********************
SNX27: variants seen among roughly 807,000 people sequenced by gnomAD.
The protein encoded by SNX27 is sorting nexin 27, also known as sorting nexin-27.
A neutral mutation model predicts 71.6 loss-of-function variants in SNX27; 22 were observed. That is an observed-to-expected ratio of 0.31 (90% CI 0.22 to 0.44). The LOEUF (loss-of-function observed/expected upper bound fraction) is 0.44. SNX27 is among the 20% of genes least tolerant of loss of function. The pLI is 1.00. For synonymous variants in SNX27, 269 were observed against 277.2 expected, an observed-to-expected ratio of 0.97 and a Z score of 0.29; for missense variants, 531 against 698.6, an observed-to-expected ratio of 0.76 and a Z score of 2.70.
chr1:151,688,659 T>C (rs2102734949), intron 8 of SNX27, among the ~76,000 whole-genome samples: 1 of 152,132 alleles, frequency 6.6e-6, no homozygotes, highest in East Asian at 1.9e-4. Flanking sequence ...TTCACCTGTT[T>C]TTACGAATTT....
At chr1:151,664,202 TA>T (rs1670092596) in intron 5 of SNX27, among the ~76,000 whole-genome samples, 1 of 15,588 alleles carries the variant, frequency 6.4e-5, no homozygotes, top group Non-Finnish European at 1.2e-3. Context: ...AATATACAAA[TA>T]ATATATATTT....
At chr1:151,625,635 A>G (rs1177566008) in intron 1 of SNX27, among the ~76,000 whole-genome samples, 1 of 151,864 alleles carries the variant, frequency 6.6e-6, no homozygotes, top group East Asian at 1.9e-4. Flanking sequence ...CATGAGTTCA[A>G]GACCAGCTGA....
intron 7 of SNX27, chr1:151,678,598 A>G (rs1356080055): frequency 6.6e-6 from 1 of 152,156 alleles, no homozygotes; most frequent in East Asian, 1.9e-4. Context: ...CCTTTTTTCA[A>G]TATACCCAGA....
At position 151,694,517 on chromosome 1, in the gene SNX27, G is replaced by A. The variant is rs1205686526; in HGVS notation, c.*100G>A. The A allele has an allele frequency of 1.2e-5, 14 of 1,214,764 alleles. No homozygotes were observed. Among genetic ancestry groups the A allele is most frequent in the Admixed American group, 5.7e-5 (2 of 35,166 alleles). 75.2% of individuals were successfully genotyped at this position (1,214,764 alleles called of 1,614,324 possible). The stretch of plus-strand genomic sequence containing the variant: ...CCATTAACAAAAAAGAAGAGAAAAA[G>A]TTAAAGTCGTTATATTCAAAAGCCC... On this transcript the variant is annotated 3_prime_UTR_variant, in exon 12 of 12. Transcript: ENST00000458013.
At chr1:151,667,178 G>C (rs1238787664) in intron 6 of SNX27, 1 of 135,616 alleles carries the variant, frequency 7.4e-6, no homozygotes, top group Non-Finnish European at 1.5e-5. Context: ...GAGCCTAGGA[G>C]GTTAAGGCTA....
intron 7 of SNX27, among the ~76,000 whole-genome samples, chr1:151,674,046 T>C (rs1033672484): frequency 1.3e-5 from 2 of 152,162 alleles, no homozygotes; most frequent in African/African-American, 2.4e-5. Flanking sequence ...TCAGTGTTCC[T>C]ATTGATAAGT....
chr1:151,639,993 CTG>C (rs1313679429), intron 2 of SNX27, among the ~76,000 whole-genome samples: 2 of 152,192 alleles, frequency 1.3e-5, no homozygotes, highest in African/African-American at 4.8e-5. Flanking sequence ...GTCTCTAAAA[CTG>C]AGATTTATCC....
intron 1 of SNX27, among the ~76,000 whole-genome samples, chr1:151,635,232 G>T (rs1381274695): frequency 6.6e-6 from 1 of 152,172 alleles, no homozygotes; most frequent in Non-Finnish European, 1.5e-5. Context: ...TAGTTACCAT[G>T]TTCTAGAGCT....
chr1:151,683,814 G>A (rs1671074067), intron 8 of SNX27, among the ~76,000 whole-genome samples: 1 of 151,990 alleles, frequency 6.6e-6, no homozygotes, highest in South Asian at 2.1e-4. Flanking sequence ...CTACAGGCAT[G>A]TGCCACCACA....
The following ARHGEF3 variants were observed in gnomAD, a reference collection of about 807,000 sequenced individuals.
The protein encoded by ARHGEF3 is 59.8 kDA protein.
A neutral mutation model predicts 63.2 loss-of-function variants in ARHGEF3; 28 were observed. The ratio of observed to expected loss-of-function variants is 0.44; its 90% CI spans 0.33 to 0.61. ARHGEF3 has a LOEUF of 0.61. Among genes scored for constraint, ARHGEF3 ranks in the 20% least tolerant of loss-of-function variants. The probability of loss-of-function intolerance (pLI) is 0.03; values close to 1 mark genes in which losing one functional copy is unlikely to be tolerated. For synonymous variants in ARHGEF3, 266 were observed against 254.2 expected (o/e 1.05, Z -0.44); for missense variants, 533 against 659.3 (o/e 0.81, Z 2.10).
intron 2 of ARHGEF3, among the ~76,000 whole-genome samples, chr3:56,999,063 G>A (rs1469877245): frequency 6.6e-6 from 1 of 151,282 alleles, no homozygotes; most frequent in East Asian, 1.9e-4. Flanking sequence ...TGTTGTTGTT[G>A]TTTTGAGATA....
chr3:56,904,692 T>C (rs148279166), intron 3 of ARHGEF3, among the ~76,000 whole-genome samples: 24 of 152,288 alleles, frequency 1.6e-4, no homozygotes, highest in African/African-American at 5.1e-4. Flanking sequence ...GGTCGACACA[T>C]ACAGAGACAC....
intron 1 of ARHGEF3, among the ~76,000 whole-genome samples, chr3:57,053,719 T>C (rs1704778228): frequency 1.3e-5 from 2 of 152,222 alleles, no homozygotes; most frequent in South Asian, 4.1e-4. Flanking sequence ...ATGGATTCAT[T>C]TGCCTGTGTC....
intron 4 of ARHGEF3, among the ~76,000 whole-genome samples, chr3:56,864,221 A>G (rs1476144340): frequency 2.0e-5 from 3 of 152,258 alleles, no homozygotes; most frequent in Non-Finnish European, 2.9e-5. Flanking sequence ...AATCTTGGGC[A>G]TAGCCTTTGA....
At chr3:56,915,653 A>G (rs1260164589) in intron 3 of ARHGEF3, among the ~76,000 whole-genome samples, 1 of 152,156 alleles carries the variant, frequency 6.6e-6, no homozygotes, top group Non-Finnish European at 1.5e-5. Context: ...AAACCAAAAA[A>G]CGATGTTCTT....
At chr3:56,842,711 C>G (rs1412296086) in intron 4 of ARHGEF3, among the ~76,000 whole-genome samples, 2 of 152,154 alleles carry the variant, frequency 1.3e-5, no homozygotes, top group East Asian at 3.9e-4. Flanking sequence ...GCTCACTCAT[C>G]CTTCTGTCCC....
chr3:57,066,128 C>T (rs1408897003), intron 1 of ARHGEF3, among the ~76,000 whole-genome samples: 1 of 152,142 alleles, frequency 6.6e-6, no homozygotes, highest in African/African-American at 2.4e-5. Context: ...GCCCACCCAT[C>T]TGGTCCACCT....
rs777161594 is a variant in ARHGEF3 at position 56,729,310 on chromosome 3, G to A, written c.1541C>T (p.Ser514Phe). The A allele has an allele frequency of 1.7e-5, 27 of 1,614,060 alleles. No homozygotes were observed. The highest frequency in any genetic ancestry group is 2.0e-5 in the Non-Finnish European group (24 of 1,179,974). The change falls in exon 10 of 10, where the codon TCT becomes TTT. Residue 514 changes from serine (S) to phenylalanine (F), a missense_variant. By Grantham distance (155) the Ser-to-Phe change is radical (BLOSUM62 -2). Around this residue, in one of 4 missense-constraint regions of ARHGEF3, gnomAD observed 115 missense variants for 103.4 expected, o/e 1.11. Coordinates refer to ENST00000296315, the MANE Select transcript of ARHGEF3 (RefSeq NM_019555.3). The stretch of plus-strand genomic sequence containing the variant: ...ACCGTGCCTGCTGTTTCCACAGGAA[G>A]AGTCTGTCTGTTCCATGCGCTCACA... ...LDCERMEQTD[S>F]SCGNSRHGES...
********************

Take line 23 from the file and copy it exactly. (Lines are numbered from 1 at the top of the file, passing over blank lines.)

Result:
chr3:57,066,128 C>T (rs1408897003), intron 1 of ARHGEF3, among the ~76,000 whole-genome samples: 1 of 152,142 alleles, frequency 6.6e-6, no homozygotes, highest in African/African-American at 2.4e-5. Context: ...GCCCACCCAT[C>T]TGGTCCACCT....